It's an outlandish yet restrained moment, electric with the sense that everyone understands the big thing that nobody’s saying. Ratched never finds that energy again. The series marks the first major credit for creator Evan Romansky, but Murphy and fellow executive producer Ian Brennan are up to some familiar tricks. Sharon Stone shows up as a vengefully rich matriarch whose main character trait is asking people to decapitate someone. Sophie Okonedo checks in, playing a multiple personality case who yells, “Beethoven would f--- you in the face!” when she’s not cursing an invisible Hitler. The first episode ends with a showbreaking revelation that deflects Mildred’s whole arc into a top-secret plan that never makes sense. By midseason, everyone either loves a murderer or is a murderer.

I know, I know, I know: This is supposed to be what’s fun about Ryan Murphy shows! Wonderful performers, kooky twists, a monkey on Sharon Stone’s shoulder, a Spring Fling at the mental hospital, sex through prison bars! Ratched is a shirttail American Horror Story spinoff that owes a clear debt to that anthology’s transcendent Asylum entry. This is the third series Murphy has launched on Netflix, and it reflects his transgressive instincts better than the dire Politician or the preachy Hollywood. Something has happened to Murphy and his collaborators in their Netflix victory lap, though. The old luridness keeps edging into feverish moralizing, as if everyone is worried about being too offensive. Enemies become allies and vice versa so constantly that the plot momentum becomes its own weird stasis. Ratched wants you to cackle at the characters while also sincerely appreciating their striving souls. There has to be a difference between campy hyperbole and grasping pretension. You want Countess Luann to sing, not explain what her songs mean.

Everything is just so terribly obvious, and too many creative decisions are outright embarrassing. Consider what happens every time Okonedo’s character shifts between her many personalities. The performer’s face alters ever-so-subtly because that’s what great actors can do. For some reason, a dunce in the editing room added an explanatory whirring noise on the soundtrack. A personality changing sound effect? Come on! And we surely can accept a lot of ludicrous story points from our luscious trash. But really: Why would someone record themselves conducting an illegal lobotomy? Why would they keep that recording?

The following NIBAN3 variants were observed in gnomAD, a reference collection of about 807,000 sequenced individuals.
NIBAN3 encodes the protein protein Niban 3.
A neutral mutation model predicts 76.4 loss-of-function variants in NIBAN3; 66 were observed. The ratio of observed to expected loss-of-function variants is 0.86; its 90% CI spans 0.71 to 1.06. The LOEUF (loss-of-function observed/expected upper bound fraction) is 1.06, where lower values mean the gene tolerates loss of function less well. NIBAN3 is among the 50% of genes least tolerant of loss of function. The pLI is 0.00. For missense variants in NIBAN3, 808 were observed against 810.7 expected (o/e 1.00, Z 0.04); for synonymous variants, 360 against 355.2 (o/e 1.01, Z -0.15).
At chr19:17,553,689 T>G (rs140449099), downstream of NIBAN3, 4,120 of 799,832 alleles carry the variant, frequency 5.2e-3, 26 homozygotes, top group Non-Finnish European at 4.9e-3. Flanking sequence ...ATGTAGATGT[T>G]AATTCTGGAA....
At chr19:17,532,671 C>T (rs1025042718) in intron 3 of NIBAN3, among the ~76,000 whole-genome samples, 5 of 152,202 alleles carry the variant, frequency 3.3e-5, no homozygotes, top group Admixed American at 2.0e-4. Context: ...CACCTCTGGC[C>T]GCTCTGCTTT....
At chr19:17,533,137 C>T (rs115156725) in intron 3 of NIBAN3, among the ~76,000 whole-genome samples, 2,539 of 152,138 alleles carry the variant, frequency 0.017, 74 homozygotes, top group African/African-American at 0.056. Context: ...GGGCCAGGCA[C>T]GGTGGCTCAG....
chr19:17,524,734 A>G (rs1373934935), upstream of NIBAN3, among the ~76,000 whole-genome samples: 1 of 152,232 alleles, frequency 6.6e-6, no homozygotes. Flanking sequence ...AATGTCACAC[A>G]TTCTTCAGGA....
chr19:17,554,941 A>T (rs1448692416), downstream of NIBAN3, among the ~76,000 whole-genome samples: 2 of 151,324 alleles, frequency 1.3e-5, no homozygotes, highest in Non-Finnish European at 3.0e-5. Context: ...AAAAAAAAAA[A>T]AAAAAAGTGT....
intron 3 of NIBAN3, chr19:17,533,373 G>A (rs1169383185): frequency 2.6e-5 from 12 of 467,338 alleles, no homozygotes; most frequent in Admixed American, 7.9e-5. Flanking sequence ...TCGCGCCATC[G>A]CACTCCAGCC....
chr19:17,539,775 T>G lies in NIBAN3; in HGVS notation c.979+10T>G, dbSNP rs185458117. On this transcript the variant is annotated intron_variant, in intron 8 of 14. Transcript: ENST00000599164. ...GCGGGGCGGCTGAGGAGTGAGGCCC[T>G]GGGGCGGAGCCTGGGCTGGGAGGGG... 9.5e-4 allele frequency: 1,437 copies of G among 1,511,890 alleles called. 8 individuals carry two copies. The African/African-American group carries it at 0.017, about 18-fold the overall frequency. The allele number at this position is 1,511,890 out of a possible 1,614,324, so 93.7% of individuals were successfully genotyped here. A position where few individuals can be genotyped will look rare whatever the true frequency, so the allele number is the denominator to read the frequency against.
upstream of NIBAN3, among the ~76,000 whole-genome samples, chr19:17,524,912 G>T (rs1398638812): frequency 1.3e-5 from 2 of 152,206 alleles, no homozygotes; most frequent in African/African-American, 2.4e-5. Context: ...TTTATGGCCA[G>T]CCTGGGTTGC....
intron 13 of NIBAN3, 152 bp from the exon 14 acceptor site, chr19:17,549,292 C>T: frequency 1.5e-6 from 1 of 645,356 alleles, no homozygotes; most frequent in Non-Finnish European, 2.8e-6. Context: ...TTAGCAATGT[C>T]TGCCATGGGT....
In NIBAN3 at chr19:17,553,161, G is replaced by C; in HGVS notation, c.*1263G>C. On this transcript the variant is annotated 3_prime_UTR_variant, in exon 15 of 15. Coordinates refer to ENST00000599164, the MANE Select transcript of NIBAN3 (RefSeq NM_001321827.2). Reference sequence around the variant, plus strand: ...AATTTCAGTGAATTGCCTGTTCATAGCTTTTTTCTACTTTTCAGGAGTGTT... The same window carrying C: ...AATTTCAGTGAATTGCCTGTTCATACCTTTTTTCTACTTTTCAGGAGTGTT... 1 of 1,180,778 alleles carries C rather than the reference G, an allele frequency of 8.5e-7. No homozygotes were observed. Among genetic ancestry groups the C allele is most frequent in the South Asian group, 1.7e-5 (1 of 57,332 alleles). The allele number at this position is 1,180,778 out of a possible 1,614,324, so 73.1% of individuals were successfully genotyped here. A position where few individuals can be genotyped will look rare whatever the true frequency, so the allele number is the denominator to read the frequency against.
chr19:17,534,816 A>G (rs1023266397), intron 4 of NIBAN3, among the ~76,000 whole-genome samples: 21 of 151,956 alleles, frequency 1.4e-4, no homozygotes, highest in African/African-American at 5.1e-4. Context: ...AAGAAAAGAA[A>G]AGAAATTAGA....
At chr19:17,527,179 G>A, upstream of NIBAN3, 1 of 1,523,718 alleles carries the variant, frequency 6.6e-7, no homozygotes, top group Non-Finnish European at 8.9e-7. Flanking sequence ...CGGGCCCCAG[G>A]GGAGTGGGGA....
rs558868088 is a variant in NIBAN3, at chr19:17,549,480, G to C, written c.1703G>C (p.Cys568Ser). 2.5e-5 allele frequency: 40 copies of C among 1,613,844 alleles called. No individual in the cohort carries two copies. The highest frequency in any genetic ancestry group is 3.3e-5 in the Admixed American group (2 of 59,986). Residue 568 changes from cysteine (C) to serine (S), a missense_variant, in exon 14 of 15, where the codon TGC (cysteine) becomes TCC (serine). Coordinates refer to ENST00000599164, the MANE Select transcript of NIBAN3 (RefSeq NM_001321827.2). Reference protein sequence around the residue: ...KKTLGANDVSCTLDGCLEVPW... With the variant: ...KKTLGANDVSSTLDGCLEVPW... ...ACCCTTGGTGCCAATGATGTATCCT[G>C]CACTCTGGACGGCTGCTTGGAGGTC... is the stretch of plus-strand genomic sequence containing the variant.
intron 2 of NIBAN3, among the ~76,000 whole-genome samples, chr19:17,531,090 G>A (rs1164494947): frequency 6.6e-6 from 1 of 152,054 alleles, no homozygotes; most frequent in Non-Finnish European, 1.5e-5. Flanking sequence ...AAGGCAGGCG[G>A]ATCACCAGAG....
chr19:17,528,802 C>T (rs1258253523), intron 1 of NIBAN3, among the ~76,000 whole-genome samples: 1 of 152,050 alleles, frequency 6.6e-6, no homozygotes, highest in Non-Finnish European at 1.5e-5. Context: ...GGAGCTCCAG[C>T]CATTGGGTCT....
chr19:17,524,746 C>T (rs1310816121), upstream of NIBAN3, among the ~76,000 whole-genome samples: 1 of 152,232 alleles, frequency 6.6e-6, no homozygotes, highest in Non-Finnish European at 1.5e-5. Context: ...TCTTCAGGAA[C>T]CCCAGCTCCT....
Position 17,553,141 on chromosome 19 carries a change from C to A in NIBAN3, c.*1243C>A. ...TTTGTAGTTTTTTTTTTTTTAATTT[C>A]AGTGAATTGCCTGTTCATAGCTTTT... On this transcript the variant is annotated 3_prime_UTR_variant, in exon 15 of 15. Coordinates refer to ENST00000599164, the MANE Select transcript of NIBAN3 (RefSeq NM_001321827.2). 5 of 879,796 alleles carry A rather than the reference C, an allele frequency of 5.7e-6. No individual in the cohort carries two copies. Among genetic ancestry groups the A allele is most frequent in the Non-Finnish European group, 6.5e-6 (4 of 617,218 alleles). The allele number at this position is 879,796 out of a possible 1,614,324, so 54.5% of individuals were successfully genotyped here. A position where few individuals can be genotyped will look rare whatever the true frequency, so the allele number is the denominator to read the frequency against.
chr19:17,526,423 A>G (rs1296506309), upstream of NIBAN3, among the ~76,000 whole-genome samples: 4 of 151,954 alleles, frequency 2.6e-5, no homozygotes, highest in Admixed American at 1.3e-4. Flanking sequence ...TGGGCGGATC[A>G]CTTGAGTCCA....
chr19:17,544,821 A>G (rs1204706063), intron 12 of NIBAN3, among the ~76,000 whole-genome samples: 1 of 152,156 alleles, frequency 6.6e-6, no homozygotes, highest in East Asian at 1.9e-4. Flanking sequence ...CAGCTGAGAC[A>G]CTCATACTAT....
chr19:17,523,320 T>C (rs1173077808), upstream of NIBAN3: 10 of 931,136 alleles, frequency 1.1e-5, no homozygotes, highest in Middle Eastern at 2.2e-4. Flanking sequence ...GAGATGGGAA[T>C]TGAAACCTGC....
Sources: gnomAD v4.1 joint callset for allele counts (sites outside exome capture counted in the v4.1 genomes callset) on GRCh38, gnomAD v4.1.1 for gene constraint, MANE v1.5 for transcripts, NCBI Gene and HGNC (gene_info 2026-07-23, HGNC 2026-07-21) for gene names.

Paulson’s a problem, unfortunately. Mildred is supposed to be, like, a sympathetic murdering traitorous dedicated dismissive repressed libertine grieving clever villain hero. She lies about everything and is also great at everything, as if Tom Ripley was also Harry Potter. Paulson traps herself in a kind of respectful monotone, playing every corner of Mildred’s puzzle-piece psyche with bland cool. You sense what’s missing whenever she’s in a scene with Davis, who turns Nurse Bucket into a delirious portrait of cruel authority masking lonely insecurity. Davis lets you see the contrast between Bucket’s public and private face. That separation may look extinct in our days of social media screaming, but if you can’t honor that mood in a period piece, you might as well film some TikToks with old-timey clothing.

Worth pointing out that one key point of One Flew Over the Cuckoo’s Nest is that Nurse Ratched isn’t an obvious horrorshow. In Kesey’s telling, and Fletcher’s playing, she represents the banality of bureaucratic evil, more monstrous in her everything-just-so normality than any of the crazies she’s patrolling. The whole tone of Ratched feels like a point extremely missed, and it can’t even generate its own upside-down gravity. At times, its rudeness is just crude. One character has a habit of stabbing the various non-white domestic workers in his mansion. None of those victims ever get a scene, or even a real line of dialogue, whereas the attractive young white maniac gets all the laugh lines: Hmm. The lone Black employee at the asylum barely appears until his big plot point, and then the characters forget about him in the worst way: Hmm.

Ratched also features an outrageously bad LSD scene, all woo-woo camera angles and “drugs made me do it!” bad behavior, which is a special blight given Kesey’s extracurricular activities. I was all set to credit Ratched as a glossy misstep, another nice-to-look-at mediocrity from a creative coalition that needs some new ideas. And then I got to the finale, which is one of the worst hours of television I’ve ever seen, successfully stitching lame soap opera cliches and lame horror cliches into a veritable Frankenstein of dramatic lameness. The clothes are nice, but they’re dressing a corpse. C-